Information security issues have been making regular headlines in the business press over the past two years, but when IT security makes it to the front page of The Sun, the UK's most lurid and sensationalist tabloid, then it is clear that things have reached a crisis point.
The Sun's story, printed in mid-June, alleged that an undercover reporter bought bank account details of hundreds of customers of UK banks from an underworld contact in India. The data was allegedly supplied by computer and call centre workers in Mumbai.
Since the story appeared, several of the banks involved, along with officials of the Banking Code Standards Board, have questioned some of the claims, saying that it would not have been possible to collect such data. But regardless, for the Indian offshore industry and for the banks involved, the damage has already been done. Public trust in online security, offshore and onshore, has taken a further hit, and some analysts are already predicting a downturn in offshore growth.
For those who follow security issues, this case is unusual not just because of the tabloid sting, but because it does not involve a US company.
In recent months, major US companies reporting serious information security problems include CardSystems Solutions, which serves many major credit card companies, Bank of America, Choicepoint, Citigroup, Morgan Stanley, Time Warner, IBM, Ameritrade, Lexis Nexis and MCI.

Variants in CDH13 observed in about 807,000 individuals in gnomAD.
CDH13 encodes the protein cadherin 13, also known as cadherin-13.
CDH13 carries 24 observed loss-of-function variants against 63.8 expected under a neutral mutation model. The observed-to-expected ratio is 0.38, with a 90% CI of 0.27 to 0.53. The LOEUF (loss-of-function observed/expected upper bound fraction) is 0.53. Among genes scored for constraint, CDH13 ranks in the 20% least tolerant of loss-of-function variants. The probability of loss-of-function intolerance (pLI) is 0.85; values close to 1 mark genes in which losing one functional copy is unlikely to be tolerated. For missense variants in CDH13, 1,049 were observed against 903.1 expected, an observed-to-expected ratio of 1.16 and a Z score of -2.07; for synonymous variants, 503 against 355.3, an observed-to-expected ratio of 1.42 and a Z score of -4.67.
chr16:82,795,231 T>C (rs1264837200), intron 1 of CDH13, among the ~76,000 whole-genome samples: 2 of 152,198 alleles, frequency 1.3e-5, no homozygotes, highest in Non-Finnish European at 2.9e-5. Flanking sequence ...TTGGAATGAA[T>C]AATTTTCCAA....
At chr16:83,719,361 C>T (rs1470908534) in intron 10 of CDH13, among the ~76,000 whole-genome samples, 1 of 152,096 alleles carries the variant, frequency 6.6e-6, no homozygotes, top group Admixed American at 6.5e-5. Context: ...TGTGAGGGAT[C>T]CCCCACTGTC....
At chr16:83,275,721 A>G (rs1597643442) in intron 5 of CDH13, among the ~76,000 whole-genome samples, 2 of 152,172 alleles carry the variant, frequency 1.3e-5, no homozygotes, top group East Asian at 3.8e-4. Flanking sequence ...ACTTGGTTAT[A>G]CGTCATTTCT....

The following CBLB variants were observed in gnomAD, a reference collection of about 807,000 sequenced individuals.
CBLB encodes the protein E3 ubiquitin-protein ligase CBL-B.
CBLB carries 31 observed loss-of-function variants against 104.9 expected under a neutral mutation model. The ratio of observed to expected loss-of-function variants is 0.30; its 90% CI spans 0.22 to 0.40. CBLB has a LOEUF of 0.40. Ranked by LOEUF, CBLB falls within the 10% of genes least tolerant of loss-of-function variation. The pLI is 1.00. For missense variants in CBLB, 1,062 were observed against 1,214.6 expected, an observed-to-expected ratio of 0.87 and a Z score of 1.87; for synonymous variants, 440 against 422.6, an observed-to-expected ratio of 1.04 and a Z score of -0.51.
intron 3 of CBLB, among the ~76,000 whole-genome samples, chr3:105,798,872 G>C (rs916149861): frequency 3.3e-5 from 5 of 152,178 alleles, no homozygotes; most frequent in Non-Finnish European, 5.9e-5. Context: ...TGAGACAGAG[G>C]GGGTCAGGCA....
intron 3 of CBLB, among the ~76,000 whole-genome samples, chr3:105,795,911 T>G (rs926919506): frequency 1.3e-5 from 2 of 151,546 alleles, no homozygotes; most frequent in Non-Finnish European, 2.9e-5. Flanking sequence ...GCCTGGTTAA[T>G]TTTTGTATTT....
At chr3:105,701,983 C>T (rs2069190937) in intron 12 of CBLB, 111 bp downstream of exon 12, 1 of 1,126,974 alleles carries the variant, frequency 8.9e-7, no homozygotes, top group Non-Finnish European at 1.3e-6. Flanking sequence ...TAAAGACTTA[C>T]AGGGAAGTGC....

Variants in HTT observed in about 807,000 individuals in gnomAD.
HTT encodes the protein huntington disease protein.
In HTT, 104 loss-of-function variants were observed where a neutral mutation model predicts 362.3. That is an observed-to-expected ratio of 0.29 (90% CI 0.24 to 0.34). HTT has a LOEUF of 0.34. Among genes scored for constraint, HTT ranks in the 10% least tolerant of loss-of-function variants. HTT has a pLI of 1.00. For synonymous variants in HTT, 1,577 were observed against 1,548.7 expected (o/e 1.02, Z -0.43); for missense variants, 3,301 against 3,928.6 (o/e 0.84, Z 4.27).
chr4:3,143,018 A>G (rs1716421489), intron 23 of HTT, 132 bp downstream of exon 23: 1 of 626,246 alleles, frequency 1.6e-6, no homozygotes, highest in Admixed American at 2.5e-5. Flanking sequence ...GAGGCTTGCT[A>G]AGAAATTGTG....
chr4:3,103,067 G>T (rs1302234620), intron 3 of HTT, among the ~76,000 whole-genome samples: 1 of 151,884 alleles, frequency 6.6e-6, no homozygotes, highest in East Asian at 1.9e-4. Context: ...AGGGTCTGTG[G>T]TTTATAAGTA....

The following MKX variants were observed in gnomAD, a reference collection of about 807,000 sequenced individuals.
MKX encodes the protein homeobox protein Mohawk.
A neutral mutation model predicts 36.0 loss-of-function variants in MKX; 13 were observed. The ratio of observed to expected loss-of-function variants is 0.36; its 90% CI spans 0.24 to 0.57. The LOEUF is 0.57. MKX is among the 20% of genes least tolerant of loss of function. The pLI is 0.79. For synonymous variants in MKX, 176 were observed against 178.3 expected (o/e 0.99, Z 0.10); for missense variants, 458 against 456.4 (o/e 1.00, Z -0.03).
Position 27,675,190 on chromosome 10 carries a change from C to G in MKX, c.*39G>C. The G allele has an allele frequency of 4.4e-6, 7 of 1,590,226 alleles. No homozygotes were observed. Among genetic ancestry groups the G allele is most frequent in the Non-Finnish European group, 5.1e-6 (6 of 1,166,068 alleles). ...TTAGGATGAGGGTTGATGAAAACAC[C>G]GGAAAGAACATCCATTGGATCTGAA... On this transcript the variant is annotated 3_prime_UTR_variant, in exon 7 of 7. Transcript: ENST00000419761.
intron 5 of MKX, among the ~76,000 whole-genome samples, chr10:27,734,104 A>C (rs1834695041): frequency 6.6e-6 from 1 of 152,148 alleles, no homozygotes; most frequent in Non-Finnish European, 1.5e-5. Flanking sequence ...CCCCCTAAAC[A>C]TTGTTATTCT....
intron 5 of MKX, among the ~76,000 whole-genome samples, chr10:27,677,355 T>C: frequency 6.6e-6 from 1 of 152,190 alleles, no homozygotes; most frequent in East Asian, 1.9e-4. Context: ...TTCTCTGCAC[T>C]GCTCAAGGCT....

Sometimes the problem has been lost tapes or a stolen laptop; in a few cases it has been a sophisticated fraud, involving spyware. Overall, private details concerning millions of customers of US businesses and individuals have been lost or accessed by unauthorised parties.
The reason why all these cases have come to light has nothing to do with a lower standard of security in the US, but because a Californian law, the Security Breach Information Act, requires organisations doing business in California to report online security incidents that might affect shareholders or customers (paper and offline tapes are apparently not covered). In recent months national US organisations have realised that failure to report any incidents could leave them open to lawsuits in any state.
The result: a surge in reports, and, increasingly, a realisation in business that it is not necessarily a disgrace to be a victim of a computer crime. It is also clear that businesses are learning fast from their own mistakes. CardSystems, for example, has now decided not to store transaction information once it has been used; others may follow Morgan Stanley's example and overhaul their email monitoring and retention systems.
For a while, the flow of bad news will damage public confidence. But over time, the effect is likely to be better security in the US, and a better understanding of the types of problems that can occur. The Breach Law, as it is called, was much derided when it was first put forward, but has turned out to be an entirely positive development.